Summer 2024Pre-orders are now open. Deliveries will begin again in September for pot grown trees and December for bare-rooted or mixed tree orders.
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Little PaxTM apple trees

Malus domestica
Little Pax is listed in the RHS Plants for Pollinators
  • Picking season: Late
  • Self-fertility: Not self-fertile
  • Flowering group: 3
A new English apple variety, recently discovered on the Isle of Wight - but its appearance and flavour hark back to the Victorian era.

Little Pax apple trees for sale


All pot-grown trees are suitable for planting out in the garden, some are suitable for growing in containers.

  • PG12-year bush-trained 12L pot-grown tree M26 rootstock £57.75
    Medium tree (2m-3m after 10 years)
  • PG2Premium half-standard 12L pot-grown tree MM106 rootstock £63.00
    Large tree (3m-5m after 10 years)


  • BR12-year bush-trained bare-root tree M9 rootstock £45.25
    Small tree (1.5m-2.5m after 10 years)
  • BR21-year bare-root tree M26 rootstock £35.75
    Medium tree (2m-3m after 10 years)
  • BR31-year bare-root tree MM106 rootstock £35.75
    Large tree (3m-5m after 10 years)
  • BR42-year bush-trained bare-root tree MM106 rootstock £43.75
    Large tree (3m-5m after 10 years)

You can pre-order now, deliveries start in September.

Delivery charges

Delivery for a single tree starts at £9.95. It is calculated when you add trees to your basket, based on your postcode.

Little Pax is a late-season English dessert apple. The apples usually ripen in October and will keep in a refrigerator or cold shed well into the new year.

Although discovered only recently, its pretty bell-like "pearmain" shape, and speckled red-flushed skin are very reminiscent of the classic 19th century English apples. The rich sweet aromatic flavours also hark back to the Victorian era. The flesh is crisp but not dense, so this is an easy apple to eat.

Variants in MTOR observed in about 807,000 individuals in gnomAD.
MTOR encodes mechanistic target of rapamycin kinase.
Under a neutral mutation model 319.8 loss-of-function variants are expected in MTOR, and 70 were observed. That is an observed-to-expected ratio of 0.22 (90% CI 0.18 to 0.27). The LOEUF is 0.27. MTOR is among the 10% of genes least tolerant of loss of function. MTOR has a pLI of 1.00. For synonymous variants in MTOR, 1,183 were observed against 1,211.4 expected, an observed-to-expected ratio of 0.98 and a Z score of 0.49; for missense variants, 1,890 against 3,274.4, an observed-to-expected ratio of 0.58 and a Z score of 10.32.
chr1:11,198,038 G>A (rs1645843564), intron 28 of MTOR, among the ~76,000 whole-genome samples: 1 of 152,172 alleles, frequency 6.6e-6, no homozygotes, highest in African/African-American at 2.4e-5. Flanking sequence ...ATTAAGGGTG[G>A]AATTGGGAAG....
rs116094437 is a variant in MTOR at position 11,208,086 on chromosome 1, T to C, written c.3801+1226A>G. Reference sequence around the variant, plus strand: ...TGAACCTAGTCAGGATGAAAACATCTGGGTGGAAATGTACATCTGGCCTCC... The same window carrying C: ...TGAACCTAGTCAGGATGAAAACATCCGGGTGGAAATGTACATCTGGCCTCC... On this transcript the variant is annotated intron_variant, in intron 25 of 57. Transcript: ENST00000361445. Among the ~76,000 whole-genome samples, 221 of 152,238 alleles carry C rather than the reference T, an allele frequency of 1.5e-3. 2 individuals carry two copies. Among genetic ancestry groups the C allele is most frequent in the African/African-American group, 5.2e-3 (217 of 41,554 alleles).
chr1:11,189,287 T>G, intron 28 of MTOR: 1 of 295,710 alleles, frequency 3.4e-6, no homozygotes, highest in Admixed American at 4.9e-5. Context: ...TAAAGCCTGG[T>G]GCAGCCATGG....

Little Pax is also characterised by its unusually prolific spring blossom.

How to grow

Little Pax is easy to grow, but as might be expected from an apple variety from the Isle of Wight, it likes a long growing season to achieve its attractive red colouration.

This is a naturally productive variety, and as a result fruit size can tend to be small - this is easily addressed by thinning the fruitlets at the end of May after the blossom has finished.

Advice on fruit tree pollination.


Little Pax was planted as a seedling tree in the gardens of St. Cecilia's Abbey, Ryde, Isle of Wight. Its parentage is unknown, although it displays the typical bell-like "Pearmain" shape associated with several Victorian varieties such as Adam's Pearmain.

Little Pax characteristics


  • Gardening skillBeginner
  • Self-fertilityNot self-fertile
  • Flowering group3
  • Pollinating othersGood
  • Climate suitabilityTemperate climates


  • Picking seasonLate
  • CroppingHeavy
  • Keeping (of fruit)3 months or more
  • Food usesEating fresh


  • Disease resistanceAverage


  • Country of originUnited Kingdom
  • Period of origin2000
  • Blossom colourPink - light
  • Flesh colourCream

Similar varieties

  • Bladon Pippin
    A new Cox-style apple variety, but with a sweeter flavour - discovered as a chance seedling in the village of Bladon.